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"Three Septembers and a January": At San Francisco in September of 1859, Despair taunts a man named Joshua who has fallen into her domain. She sees in him a potential for despair, and calls on Dream to help redeem him

Quote1.png He has his dignity, sister-brother. He is, after all, an emperor. Quote2.png

Sandman (Volume 2) #31 is an issue of the series Sandman (Volume 2) with a cover date of October, 1991.

Synopsis for "Three Septembers and a January"

At San Francisco in September of 1859, Despair taunts a man named Joshua who has fallen into her domain. She sees in him a potential for despair, and calls on Dream to help redeem him. Dream refuses outright, but his sister taunts him, and warns that his other siblings would expect him to comply. Reluctantly, Dream sends Joshua to sleep.
In the dream, Joshua introduces himself as an entrepreneur and inventor. He feels that once he had room for dreams in his life, but now he has lost everything, and has nothing left to dream of. From outside the dream, Despair taunts her older brother with the notion that he may not be able to keep Joshua from despair long enough to prevent him from being taken by Death. Compassionately, Dream gives Joshua a dream.
Afterwards, Joshua leaves his apartment and delivers a proclamation to the local paper. This proclamation declares Joshua himself as emperor of the United States of America. By that authority, he orders the representatives of each of those states to assemble in the city's music hall on the 1st of February. This meeting will make alterations to laws that will relieve the country of evils it is belaboured by. By virtue of the audacity of the proclamation, the newspaper decides to print it all the same.
Death confronts Dream, remarking that the two of them do not get involved in the games of their younger siblings. He admits to having been provoked, and the two of them hope that he knows what he's got himself into.
Five years later, Joshua continues to believe himself a king, but spends most of his day standing outside the offices of the local newspaper, penniless. An editor named Sam has befriended him, and today he decides to take Joshua out for dinner. There, Joshua remarks that some have thought him mad for his plan to build a bridge across the bay to Oakland.
Also in the restaurant, Dream receives a visit from Delirium. She comments that Joshua ought to belong to her by now, given that his dream of being emperor of the United States is like unto madness. However, in every respect but that dream, he is sane.
Joshua realizes that Sam is a good storyteller, and offers his friend a gift. He writes down an imperial proclamation on a napkin that Samuel Clemens, who also writes under the name Mark Twain, shall hereby be the official story teller to the United States of America for the duration of his moral lifetime. Thanking Sam for the meal, Joshua leaves the bar and Sam to think about his writing. Watching, Delirium realizes that it is Joshua's madness that keeps him sane. Dream remarks that he is not the only one for whom that is true.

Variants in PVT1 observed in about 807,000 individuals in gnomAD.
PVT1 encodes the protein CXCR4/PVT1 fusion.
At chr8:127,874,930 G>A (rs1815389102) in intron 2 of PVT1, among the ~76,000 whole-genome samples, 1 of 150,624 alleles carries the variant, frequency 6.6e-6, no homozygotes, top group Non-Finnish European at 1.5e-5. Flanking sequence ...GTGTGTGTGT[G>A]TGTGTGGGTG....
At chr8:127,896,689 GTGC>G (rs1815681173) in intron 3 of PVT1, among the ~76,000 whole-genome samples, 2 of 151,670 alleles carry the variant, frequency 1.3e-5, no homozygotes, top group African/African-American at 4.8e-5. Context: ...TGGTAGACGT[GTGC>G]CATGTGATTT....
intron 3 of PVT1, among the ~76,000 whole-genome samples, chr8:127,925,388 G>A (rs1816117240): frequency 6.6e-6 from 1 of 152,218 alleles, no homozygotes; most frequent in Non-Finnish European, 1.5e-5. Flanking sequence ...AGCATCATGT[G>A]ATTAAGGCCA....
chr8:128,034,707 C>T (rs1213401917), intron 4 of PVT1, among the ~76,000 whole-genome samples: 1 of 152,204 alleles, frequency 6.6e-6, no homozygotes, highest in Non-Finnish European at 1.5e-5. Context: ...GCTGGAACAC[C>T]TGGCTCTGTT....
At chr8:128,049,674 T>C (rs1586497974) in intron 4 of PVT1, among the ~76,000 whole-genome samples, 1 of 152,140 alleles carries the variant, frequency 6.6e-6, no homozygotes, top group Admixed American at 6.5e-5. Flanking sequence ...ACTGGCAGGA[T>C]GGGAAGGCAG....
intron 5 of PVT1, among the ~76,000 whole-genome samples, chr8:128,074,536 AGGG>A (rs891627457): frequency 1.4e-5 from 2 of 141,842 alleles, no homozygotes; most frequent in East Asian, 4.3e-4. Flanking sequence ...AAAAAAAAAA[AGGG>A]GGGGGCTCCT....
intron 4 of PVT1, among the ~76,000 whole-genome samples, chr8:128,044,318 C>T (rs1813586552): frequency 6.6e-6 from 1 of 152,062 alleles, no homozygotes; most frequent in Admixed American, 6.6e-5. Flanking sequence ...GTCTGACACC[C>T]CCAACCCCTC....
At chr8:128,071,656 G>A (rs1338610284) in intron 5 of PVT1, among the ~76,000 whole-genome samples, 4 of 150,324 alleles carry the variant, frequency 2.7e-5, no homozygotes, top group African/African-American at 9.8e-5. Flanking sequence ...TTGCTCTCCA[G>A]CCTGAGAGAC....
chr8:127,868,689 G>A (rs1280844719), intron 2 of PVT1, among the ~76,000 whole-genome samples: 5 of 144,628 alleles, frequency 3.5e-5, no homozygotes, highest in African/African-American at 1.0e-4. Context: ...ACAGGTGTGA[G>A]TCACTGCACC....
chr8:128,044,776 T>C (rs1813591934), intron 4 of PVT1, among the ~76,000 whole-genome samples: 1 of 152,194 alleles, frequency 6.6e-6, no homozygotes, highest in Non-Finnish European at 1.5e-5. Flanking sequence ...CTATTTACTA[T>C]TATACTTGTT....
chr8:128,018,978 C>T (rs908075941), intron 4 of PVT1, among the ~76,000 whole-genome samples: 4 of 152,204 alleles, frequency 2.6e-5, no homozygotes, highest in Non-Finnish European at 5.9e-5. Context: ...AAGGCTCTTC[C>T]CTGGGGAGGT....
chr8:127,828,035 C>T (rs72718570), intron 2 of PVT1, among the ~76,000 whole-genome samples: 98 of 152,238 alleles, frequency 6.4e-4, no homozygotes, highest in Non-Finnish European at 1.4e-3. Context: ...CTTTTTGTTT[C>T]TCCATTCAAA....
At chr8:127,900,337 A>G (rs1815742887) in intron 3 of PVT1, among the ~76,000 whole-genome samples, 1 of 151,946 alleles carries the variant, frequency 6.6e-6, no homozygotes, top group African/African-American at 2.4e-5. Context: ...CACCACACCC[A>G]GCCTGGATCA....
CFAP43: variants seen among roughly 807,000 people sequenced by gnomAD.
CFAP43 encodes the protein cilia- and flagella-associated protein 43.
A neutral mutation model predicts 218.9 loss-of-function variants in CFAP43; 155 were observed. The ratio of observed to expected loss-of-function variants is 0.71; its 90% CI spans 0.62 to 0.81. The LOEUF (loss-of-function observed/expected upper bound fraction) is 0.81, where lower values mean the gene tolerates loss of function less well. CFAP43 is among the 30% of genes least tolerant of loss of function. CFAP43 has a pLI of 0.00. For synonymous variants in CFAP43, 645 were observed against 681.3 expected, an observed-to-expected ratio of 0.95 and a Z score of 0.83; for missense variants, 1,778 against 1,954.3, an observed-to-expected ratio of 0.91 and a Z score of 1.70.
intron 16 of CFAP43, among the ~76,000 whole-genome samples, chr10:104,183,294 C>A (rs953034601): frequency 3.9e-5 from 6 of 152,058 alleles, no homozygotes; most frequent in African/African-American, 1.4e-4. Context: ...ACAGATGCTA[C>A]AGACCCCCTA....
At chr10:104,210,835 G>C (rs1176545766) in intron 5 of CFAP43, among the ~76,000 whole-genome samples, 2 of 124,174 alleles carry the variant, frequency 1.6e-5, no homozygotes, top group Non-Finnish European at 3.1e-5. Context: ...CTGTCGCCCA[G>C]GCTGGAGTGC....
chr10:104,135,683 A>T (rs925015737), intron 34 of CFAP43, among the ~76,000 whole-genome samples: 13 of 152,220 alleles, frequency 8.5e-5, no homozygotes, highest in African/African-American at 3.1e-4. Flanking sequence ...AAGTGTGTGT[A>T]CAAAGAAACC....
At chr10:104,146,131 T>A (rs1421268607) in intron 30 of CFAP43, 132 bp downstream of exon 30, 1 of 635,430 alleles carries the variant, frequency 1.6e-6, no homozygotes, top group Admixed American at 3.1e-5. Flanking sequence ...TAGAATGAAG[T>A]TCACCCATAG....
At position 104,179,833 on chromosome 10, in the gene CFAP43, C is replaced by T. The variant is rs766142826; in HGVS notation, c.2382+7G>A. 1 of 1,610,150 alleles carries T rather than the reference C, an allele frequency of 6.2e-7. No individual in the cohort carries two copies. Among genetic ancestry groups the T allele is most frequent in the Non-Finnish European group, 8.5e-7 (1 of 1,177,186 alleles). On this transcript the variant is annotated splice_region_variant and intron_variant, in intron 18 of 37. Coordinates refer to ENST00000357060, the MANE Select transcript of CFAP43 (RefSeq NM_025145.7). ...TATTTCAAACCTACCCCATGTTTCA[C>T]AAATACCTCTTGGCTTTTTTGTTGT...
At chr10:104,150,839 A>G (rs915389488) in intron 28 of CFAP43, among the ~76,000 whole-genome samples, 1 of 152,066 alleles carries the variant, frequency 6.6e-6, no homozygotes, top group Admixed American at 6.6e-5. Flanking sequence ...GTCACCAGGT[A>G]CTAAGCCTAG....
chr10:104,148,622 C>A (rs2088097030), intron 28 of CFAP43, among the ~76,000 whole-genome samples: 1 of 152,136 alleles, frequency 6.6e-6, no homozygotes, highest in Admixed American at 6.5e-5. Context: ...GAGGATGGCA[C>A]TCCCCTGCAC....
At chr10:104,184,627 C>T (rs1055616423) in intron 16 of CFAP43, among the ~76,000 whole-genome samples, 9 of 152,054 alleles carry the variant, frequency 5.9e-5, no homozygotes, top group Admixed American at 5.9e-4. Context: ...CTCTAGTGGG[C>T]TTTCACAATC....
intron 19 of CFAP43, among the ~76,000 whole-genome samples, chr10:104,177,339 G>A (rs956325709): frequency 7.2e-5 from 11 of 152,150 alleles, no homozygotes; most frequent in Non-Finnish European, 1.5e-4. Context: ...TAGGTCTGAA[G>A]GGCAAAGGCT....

In 1875, Joshua Norton is still under the impression that he is emperor. One day, a tourist family from Kansas happens across him and they ask him if he will take their imperial tax of fifty cents in exchange for a receipt that they can take as a souvenir. Apparently, he has been doing this for some time. Later, a Chinese immigrant comes to him with a report about the spread of the Tong gangs. The man brings a further message that Joshua's presence is needed at a place called the Cobweb palace.
There, Joshua is met by a man calling himself the King of Pain. He claims to be dead, and that his principal has sent him with an offer. The visitor reminds Joshua that he has no empress, and therefore no way to ensure his dynasty. In exchange for a wife, the King of Pain demands only a tiny favour: he has to want one of the women. Sternly Joshua announces that he is the emperor of the United States and wants for nothing. The city has been charitable to him, and he is happy.
The King of Pain returns empty-handed to a coach outside, where Desire waits. Desire is confused as to how Joshua could refuse the offer, when he obviously lusts after women so strongly. Dream responds that the man's dignity was stronger than his lust. As Desire drives off, it vows to cause Dream to spill family blood; to bring the Kindly Ones down on him.
Five years later, Joshua finds himself caught in a torrential rain storm and eventually, when his umbrella flies from his hand, he collapses. Despair approaches and wonders that despite the fact that he now dies in the gutter, Joshua never despaired. Somehow, Dream won the contest. As consolation, Dream offers his sister a statuette that is sold in the city's souvenir shops commemorating their self-proclaimed emperor.
After both Dream and Despair have gone, Death arrives for Joshua Norton. As she leads him away, she tells him that of all the kings and queens she has met, she liked him the best.

Appearing in "Three Septembers and a January"

Featured Characters:

Supporting Characters:


Other Characters:

  • Samuel Clemens (Mark Twain)
  • Lizzie
  • Grizzel
  • Abraham Warner





See Also

Links and References